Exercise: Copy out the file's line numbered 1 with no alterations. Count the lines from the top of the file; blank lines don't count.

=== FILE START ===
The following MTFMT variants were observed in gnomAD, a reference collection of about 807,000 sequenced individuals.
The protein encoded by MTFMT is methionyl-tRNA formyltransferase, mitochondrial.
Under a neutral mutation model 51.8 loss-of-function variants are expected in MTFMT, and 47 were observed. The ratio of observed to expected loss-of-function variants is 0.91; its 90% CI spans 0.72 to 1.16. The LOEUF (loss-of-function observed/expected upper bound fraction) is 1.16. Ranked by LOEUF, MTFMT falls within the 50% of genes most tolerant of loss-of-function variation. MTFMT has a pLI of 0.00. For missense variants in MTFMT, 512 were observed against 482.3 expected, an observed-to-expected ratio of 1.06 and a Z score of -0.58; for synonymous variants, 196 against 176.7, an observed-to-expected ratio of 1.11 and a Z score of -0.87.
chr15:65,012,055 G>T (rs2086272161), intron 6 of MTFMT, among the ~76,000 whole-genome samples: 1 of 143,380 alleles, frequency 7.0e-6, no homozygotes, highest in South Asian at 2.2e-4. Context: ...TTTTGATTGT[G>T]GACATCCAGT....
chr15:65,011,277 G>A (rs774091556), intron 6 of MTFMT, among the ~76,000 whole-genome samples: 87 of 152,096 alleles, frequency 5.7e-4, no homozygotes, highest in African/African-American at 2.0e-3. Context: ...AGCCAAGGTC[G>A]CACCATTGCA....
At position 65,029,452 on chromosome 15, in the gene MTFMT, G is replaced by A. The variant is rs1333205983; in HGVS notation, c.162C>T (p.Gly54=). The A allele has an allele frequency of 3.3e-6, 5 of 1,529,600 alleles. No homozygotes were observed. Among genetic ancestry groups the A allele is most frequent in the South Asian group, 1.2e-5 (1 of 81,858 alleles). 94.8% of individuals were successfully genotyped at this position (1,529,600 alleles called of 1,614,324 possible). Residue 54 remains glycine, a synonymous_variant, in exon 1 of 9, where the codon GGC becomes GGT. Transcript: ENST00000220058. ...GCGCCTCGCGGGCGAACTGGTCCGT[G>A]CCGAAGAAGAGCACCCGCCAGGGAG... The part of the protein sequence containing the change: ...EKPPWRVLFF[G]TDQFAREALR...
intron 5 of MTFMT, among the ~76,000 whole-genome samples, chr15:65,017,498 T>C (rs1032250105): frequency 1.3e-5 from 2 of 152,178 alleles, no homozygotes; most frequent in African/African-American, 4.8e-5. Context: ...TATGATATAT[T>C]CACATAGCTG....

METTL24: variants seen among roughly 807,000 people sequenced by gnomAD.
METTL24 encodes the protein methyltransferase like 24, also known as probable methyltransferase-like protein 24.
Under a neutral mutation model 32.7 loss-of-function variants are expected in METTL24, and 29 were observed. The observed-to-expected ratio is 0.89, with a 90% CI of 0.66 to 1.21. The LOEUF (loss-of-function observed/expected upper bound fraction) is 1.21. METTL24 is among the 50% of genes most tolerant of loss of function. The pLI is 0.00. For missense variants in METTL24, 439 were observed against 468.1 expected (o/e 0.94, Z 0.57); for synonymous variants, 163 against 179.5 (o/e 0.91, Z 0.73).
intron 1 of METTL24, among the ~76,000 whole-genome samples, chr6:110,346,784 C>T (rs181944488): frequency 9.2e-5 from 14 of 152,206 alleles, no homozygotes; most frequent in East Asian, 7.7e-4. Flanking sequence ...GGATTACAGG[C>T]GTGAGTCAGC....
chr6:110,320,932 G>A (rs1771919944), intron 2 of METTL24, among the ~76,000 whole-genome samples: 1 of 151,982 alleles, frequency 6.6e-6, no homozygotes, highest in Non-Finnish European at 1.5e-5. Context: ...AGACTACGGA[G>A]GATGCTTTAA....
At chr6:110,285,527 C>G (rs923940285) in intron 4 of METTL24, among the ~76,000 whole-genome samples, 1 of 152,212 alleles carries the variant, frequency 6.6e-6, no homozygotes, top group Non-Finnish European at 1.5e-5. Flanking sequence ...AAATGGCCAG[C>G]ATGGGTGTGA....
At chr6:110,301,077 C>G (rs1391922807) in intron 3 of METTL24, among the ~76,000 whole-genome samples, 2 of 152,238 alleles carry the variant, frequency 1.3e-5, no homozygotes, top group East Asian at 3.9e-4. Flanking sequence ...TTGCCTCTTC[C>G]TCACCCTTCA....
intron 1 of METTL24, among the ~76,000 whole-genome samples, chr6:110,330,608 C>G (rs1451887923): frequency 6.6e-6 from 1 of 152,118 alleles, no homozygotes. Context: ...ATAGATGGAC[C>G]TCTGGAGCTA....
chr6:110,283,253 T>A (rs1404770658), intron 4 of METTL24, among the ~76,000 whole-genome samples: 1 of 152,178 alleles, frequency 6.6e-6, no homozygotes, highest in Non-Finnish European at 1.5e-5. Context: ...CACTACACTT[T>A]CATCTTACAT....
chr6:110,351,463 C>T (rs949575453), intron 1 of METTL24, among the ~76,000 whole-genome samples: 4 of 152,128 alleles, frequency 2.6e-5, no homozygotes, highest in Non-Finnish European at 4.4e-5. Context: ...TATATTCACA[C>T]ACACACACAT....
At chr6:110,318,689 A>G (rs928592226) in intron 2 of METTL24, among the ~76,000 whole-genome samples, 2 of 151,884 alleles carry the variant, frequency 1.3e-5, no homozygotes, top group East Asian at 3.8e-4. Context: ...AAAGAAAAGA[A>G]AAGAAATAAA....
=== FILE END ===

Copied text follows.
The following MTFMT variants were observed in gnomAD, a reference collection of about 807,000 sequenced individuals.